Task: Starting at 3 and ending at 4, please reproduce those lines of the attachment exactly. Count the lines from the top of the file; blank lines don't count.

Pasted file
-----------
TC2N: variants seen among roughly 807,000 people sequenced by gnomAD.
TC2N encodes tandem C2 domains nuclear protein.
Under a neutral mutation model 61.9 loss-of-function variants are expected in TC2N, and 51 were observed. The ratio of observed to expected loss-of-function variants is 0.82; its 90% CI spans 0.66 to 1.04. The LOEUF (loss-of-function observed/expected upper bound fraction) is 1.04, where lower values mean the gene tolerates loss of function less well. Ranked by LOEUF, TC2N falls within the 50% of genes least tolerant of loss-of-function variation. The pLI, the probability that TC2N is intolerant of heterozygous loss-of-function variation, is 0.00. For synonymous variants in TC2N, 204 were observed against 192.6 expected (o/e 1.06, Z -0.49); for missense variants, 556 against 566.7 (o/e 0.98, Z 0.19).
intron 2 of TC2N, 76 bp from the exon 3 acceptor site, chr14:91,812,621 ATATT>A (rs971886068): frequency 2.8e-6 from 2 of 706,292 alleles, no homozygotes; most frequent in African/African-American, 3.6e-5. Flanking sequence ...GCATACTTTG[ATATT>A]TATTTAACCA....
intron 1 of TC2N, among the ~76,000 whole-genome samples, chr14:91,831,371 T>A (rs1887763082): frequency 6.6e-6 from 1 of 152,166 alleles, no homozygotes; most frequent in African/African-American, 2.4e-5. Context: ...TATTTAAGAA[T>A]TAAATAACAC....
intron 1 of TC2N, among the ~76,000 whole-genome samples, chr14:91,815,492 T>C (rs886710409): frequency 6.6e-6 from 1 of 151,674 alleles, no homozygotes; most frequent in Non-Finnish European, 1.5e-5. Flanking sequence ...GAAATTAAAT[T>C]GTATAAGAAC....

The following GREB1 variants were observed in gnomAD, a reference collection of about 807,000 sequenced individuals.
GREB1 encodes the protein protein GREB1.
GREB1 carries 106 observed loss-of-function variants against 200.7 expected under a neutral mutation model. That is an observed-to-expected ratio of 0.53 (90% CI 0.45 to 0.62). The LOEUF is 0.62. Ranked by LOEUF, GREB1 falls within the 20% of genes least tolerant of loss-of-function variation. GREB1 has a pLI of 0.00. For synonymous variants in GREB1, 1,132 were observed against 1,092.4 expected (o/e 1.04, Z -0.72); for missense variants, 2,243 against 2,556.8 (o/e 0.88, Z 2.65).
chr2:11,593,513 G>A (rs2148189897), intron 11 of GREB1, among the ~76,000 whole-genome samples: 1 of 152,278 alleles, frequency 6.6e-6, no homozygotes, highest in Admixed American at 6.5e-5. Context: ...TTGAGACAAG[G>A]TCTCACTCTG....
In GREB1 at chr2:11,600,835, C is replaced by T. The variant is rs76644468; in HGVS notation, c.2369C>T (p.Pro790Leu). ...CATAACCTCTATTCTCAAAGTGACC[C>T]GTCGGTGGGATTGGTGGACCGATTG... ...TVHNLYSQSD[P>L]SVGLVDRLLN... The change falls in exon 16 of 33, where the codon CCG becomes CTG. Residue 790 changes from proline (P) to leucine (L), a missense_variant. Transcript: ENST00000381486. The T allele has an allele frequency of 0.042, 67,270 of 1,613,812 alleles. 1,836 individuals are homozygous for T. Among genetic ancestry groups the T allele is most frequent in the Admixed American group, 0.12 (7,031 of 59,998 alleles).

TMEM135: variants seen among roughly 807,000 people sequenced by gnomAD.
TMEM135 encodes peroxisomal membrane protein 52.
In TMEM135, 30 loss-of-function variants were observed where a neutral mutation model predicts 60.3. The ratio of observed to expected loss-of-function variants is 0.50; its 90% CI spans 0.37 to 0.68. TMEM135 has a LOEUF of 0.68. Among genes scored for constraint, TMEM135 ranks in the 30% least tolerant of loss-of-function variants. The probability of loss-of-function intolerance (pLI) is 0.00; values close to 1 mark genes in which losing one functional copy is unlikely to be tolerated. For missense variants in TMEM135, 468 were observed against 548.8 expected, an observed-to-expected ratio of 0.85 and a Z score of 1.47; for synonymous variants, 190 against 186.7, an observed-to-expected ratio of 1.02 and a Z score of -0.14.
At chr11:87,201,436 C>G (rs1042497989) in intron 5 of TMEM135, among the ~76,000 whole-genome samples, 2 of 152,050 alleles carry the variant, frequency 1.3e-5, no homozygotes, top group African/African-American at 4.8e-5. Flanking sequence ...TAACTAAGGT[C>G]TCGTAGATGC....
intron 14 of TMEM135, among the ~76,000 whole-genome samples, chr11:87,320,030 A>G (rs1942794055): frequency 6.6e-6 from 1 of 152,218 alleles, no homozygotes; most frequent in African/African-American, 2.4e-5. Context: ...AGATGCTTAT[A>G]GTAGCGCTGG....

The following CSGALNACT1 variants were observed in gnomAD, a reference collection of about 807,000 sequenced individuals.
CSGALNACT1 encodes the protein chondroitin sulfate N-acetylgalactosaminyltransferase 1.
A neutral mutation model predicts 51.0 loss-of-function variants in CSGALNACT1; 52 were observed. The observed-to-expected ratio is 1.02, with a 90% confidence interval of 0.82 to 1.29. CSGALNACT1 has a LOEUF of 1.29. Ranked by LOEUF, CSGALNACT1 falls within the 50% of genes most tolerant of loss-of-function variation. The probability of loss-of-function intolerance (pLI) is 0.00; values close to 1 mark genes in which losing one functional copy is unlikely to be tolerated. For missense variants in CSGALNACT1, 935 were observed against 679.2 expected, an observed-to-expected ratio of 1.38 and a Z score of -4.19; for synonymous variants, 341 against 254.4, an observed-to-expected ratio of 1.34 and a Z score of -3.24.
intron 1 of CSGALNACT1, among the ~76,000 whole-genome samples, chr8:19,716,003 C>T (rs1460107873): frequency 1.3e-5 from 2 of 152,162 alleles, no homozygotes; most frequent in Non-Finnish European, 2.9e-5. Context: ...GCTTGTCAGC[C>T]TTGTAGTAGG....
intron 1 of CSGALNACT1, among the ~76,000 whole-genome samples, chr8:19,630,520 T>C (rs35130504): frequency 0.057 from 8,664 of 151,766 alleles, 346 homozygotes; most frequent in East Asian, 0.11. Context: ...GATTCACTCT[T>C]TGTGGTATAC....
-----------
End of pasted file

Under a neutral mutation model 61.9 loss-of-function variants are expected in TC2N, and 51 were observed. The ratio of observed to expected loss-of-function variants is 0.82; its 90% CI spans 0.66 to 1.04. The LOEUF (loss-of-function observed/expected upper bound fraction) is 1.04, where lower values mean the gene tolerates loss of function less well. Ranked by LOEUF, TC2N falls within the 50% of genes least tolerant of loss-of-function variation. The pLI, the probability that TC2N is intolerant of heterozygous loss-of-function variation, is 0.00. For synonymous variants in TC2N, 204 were observed against 192.6 expected (o/e 1.06, Z -0.49); for missense variants, 556 against 566.7 (o/e 0.98, Z 0.19).
intron 2 of TC2N, 76 bp from the exon 3 acceptor site, chr14:91,812,621 ATATT>A (rs971886068): frequency 2.8e-6 from 2 of 706,292 alleles, no homozygotes; most frequent in African/African-American, 3.6e-5. Flanking sequence ...GCATACTTTG[ATATT>A]TATTTAACCA....